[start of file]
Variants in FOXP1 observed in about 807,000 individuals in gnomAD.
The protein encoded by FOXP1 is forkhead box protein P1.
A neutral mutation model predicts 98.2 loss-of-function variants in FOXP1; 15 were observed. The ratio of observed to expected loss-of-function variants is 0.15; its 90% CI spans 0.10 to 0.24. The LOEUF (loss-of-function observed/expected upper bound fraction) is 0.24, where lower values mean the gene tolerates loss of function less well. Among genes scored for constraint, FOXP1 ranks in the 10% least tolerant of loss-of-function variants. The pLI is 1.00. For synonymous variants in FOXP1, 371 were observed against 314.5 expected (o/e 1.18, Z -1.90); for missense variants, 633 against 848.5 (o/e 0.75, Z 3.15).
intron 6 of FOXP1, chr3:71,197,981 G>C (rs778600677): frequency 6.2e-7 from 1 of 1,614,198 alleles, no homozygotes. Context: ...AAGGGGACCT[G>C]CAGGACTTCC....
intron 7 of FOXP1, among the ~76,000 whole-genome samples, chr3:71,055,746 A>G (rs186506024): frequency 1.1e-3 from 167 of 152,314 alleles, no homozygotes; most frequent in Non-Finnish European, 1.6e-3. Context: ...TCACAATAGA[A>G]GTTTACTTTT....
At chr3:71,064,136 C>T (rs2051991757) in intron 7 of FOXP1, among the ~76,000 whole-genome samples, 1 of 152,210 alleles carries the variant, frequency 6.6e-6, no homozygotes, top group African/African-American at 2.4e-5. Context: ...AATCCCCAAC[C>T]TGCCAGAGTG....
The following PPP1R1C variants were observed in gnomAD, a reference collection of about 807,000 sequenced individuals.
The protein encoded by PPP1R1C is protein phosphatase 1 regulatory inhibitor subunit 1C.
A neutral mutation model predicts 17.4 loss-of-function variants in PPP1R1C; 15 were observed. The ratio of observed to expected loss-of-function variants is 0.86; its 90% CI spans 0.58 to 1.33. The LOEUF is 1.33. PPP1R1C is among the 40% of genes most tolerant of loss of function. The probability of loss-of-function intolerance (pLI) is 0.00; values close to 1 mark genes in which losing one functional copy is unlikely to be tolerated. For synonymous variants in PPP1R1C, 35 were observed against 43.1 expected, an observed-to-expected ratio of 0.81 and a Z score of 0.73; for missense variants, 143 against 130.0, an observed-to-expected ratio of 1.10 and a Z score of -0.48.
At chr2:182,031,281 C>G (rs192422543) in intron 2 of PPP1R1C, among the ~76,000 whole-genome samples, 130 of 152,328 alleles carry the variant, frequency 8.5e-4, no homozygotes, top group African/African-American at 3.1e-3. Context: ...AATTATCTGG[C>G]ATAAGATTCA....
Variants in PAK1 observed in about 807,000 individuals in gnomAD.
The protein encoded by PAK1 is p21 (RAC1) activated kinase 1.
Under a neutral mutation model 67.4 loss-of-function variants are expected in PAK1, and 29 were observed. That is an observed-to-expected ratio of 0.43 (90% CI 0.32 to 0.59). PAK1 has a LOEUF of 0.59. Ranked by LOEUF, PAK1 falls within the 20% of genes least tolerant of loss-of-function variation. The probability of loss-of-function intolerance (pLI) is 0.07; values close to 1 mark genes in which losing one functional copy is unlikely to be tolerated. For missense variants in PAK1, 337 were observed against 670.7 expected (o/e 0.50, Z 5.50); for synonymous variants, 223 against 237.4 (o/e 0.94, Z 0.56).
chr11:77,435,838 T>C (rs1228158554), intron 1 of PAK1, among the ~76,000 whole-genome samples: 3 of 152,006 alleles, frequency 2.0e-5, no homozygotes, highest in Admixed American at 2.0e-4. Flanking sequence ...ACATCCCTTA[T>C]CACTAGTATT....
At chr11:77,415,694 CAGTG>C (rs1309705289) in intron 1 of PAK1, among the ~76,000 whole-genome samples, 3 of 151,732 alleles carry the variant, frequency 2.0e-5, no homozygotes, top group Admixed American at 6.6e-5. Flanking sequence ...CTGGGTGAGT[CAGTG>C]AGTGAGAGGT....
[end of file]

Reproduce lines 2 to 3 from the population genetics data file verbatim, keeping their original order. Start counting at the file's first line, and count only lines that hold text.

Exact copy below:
The protein encoded by FOXP1 is forkhead box protein P1.
A neutral mutation model predicts 98.2 loss-of-function variants in FOXP1; 15 were observed. The ratio of observed to expected loss-of-function variants is 0.15; its 90% CI spans 0.10 to 0.24. The LOEUF (loss-of-function observed/expected upper bound fraction) is 0.24, where lower values mean the gene tolerates loss of function less well. Among genes scored for constraint, FOXP1 ranks in the 10% least tolerant of loss-of-function variants. The pLI is 1.00. For synonymous variants in FOXP1, 371 were observed against 314.5 expected (o/e 1.18, Z -1.90); for missense variants, 633 against 848.5 (o/e 0.75, Z 3.15).